As most of America slept early last Sunday morning, the Bush administration hustled and bustled to prepare for the Sunday morning talk shows – among
others Colin Powell was appearing on "Face the Nation" and Donald Rumsfeld was booked on "Fox News Sunday." Condoleezza Rice was not scheduled to
appear until prime time, when she would make a star appearance on CBS' "60 Minutes" – the last in a long line of media appearances that caused 9/11
Commissioner Richard Ben Veniste to quip that "Condi Rice has appeared everywhere but at my local Starbucks."
Well, others in the Bush administration did, apparently, make an appearance at the local Starbucks. And as the Washington Post reports today, one of
them – obviously readying himself to prep Defense Secretary Rumsfeld – left his notes on the table. Talking points, hand-written notes on spin tactics
that reveal the White House was worried about former Bush adviser Richard Clarke's charges, and a hand-drawn map to the Secretary's house were found
by a resident of DuPont Circle, who made them available to the Center for American Progress. The name of said resident is being withheld at his
request, as he fears that he may be accused on national television of being "disgruntled."
Eric's Rummy's new spin master. Wonder if he got fired.
Defense Secretary Donald H. Rumsfeld has quietly added another official to the Pentagon public affairs office. He is Eric Ruff, a former government
and industry public relations specialist who was once a newspaper reporter.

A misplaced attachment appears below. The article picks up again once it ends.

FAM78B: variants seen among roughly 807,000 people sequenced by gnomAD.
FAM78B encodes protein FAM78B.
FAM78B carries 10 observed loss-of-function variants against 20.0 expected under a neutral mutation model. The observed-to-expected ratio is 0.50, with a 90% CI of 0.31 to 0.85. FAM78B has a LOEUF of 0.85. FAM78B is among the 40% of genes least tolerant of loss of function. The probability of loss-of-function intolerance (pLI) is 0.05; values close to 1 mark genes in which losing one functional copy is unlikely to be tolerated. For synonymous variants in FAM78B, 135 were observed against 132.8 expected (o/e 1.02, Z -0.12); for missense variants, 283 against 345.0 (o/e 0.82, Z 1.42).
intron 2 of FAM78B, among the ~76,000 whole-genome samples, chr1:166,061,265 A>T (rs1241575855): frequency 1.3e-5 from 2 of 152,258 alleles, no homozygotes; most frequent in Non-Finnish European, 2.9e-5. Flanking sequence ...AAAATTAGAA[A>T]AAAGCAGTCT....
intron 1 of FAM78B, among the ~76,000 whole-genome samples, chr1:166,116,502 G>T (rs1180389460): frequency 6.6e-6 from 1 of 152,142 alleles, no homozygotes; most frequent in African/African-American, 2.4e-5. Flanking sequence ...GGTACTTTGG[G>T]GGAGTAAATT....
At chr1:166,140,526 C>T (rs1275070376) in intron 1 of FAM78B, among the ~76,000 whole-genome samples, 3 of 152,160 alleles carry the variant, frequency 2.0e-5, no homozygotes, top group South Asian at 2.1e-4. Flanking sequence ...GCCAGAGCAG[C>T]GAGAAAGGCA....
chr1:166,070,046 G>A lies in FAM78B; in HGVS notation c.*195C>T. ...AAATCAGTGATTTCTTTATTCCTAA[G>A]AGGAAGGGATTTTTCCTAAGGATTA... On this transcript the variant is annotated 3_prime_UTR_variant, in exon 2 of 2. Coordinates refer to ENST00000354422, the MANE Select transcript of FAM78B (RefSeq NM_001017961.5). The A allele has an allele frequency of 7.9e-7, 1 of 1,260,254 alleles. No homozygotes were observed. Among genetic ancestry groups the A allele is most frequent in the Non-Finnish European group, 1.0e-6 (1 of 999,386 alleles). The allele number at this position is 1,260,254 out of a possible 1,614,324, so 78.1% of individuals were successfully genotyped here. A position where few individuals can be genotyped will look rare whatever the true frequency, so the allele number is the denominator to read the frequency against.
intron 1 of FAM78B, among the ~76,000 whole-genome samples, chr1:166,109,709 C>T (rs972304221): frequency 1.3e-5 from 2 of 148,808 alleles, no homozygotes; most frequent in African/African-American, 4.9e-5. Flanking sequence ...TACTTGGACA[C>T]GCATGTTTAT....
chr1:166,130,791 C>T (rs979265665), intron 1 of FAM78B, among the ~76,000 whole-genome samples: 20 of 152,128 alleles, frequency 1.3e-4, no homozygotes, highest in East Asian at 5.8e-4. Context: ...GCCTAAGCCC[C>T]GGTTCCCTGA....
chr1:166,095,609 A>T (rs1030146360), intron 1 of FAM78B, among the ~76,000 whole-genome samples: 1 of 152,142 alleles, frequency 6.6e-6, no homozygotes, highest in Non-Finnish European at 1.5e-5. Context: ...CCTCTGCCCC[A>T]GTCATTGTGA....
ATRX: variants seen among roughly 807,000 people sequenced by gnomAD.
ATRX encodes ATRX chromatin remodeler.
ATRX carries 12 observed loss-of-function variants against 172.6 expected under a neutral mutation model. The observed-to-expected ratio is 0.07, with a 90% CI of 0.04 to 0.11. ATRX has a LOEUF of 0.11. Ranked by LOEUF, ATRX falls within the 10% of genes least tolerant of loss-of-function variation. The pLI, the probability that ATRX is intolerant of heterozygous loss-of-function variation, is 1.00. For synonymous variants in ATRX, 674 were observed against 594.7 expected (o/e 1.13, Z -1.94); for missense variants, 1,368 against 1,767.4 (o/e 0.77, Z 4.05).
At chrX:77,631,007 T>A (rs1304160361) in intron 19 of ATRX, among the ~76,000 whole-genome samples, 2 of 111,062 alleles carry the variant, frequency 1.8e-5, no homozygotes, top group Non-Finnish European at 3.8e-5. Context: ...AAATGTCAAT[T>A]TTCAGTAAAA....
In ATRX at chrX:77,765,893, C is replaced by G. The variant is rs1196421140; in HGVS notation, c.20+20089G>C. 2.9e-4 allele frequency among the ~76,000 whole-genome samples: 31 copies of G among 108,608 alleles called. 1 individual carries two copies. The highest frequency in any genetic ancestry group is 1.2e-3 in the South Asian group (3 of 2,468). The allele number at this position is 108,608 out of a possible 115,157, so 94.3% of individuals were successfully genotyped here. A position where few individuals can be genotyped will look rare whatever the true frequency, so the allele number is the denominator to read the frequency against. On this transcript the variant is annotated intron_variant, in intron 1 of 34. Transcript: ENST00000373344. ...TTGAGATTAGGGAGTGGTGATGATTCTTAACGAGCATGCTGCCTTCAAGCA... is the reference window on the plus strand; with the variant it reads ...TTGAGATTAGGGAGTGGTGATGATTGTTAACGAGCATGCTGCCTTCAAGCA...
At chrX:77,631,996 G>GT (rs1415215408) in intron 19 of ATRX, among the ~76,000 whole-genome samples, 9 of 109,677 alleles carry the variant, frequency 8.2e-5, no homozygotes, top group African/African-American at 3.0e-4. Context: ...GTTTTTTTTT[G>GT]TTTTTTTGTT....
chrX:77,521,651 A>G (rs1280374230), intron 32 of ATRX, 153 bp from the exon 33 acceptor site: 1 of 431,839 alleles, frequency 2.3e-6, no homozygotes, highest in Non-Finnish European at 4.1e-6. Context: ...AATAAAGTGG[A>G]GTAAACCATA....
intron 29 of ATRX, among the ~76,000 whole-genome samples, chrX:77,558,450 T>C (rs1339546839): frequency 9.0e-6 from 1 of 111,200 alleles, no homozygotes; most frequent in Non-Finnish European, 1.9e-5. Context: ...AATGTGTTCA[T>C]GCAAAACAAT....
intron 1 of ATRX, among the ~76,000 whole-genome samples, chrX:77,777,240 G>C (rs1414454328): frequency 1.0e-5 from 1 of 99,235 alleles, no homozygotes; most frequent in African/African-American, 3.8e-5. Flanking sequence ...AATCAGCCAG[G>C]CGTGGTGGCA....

Mr. Ruff, currently a public affairs specialist working for Deputy Defense Secretary Paul Wolfowitz, is likely to become the principal deputy
assistant defense secretary for public affairs, the key deputy to Assistant Defense Secretary-designee Larry Di Rita.
Many Pentagon news reporters, however, are unfamiliar with the new spokesman.
Mr. Ruff was transplanted to the Pentagon from the Interior Department, where he was director of communications.
He also worked on Capitol Hill, where he was an aide to Sen. Kay Bailey Hutchison, Texas Republican, and before that, he was an aide to Sen. John W.
Warner, Virginia Republican.
Mr. Ruff also worked in the first Bush administration at public affairs jobs in the Agriculture and Commerce departments.
As a news reporter, Mr. Ruff covered the Hill for Congressional Quarterly and before that, he worked for the Donrey Media Group.
He cut his newspaper reporting teeth in the 1970s and was the first to report the influx of Vietnamese refugees to Fort Chafee, Ark., in 1975 for the
Southwest Times Record."